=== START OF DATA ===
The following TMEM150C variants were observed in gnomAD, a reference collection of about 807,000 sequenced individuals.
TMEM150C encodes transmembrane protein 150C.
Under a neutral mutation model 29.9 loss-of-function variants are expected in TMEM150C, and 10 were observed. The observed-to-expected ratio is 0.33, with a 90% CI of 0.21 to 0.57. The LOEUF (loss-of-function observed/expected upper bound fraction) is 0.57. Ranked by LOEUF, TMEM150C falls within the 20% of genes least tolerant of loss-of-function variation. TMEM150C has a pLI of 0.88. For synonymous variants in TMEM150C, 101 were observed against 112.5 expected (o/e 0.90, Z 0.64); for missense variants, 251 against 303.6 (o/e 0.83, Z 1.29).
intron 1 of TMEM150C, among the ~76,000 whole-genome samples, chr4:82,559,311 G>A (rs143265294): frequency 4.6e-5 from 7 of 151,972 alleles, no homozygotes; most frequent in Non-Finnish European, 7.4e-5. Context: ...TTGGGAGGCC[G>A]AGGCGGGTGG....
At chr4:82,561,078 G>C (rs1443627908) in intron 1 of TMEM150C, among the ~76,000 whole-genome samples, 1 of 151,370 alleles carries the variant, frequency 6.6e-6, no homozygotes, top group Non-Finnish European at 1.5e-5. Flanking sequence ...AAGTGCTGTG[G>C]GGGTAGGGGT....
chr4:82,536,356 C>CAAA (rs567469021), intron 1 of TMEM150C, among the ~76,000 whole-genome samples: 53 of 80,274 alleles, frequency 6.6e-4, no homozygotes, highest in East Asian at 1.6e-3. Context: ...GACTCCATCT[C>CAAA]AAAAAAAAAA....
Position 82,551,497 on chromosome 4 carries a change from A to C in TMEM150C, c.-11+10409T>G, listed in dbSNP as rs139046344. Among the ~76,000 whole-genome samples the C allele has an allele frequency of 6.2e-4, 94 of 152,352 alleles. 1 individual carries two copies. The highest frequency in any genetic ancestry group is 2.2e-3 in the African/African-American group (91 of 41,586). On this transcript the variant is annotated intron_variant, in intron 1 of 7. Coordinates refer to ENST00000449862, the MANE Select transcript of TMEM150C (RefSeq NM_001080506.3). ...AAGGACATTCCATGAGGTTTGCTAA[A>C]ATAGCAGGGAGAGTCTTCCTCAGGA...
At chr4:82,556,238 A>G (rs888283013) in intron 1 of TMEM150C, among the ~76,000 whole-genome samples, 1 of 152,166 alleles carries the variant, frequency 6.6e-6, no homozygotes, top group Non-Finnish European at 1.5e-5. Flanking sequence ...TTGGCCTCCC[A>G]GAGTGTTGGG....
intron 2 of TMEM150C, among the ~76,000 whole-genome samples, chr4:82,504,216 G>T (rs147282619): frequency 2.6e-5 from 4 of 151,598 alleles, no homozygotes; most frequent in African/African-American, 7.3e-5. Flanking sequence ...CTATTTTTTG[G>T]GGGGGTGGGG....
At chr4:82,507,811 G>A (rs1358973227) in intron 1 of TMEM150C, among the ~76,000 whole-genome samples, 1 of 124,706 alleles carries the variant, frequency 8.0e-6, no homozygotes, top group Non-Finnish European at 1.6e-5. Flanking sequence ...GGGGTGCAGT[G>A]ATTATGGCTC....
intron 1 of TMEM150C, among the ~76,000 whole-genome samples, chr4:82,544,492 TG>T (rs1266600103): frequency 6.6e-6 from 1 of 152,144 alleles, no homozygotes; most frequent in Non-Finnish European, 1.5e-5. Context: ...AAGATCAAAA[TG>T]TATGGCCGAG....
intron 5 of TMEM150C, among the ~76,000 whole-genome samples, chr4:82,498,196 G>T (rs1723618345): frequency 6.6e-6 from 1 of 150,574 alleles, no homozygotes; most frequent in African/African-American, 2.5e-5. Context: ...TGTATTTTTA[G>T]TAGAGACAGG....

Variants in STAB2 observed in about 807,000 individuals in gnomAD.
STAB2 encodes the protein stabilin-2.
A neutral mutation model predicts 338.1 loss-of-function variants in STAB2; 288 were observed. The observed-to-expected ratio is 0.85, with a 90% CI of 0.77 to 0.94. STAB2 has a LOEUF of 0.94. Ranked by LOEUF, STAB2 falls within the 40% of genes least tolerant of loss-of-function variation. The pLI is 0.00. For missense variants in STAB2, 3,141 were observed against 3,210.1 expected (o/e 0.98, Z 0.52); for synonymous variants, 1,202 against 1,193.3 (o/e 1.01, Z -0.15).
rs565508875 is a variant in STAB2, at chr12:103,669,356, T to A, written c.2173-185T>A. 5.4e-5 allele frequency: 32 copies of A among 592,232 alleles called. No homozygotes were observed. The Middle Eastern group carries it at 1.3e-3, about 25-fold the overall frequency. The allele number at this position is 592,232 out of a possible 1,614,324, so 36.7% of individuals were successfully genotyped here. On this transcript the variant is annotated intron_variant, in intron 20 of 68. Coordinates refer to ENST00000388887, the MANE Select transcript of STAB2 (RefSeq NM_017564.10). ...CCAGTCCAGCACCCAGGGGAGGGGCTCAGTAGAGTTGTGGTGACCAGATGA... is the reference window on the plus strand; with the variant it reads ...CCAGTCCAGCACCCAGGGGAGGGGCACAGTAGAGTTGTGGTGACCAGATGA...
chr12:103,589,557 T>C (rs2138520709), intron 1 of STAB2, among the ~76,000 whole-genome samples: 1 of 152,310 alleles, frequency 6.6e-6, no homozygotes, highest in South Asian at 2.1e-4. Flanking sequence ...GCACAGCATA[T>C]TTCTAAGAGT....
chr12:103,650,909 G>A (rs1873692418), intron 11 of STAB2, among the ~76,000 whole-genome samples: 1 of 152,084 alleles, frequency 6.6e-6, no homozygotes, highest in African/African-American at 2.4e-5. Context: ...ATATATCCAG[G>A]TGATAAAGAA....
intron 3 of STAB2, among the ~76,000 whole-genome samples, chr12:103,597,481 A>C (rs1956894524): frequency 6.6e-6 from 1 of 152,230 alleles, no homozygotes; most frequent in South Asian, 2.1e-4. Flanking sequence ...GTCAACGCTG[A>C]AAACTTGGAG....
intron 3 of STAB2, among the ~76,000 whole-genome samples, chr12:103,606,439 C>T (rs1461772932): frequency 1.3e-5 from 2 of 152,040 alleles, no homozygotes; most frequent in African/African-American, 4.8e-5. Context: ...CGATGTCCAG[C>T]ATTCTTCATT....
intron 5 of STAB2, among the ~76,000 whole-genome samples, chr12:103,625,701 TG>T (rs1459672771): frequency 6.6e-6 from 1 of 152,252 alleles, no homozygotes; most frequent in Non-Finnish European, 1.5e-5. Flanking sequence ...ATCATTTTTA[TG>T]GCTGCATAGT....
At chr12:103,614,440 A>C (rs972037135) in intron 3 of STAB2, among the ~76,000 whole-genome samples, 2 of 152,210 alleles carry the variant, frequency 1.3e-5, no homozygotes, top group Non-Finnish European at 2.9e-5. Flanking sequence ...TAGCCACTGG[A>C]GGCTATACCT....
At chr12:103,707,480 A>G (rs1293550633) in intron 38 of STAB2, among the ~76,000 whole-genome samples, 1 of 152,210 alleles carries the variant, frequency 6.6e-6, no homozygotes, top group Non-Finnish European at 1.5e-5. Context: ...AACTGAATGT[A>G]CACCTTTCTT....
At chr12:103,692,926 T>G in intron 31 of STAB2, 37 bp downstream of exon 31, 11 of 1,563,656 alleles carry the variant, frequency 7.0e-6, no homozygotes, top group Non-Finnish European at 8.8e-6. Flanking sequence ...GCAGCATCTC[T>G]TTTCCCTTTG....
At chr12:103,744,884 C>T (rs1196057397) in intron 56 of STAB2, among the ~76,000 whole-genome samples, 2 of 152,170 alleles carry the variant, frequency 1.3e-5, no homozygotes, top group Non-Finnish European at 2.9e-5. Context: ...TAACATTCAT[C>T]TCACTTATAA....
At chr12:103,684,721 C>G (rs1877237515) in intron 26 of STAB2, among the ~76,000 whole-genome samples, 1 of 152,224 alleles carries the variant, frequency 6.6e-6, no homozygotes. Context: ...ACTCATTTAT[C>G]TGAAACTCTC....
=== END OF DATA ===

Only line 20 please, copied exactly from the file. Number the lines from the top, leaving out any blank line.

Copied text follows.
intron 3 of STAB2, among the ~76,000 whole-genome samples, chr12:103,606,439 C>T (rs1461772932): frequency 1.3e-5 from 2 of 152,040 alleles, no homozygotes; most frequent in African/African-American, 4.8e-5. Context: ...CGATGTCCAG[C>T]ATTCTTCATT....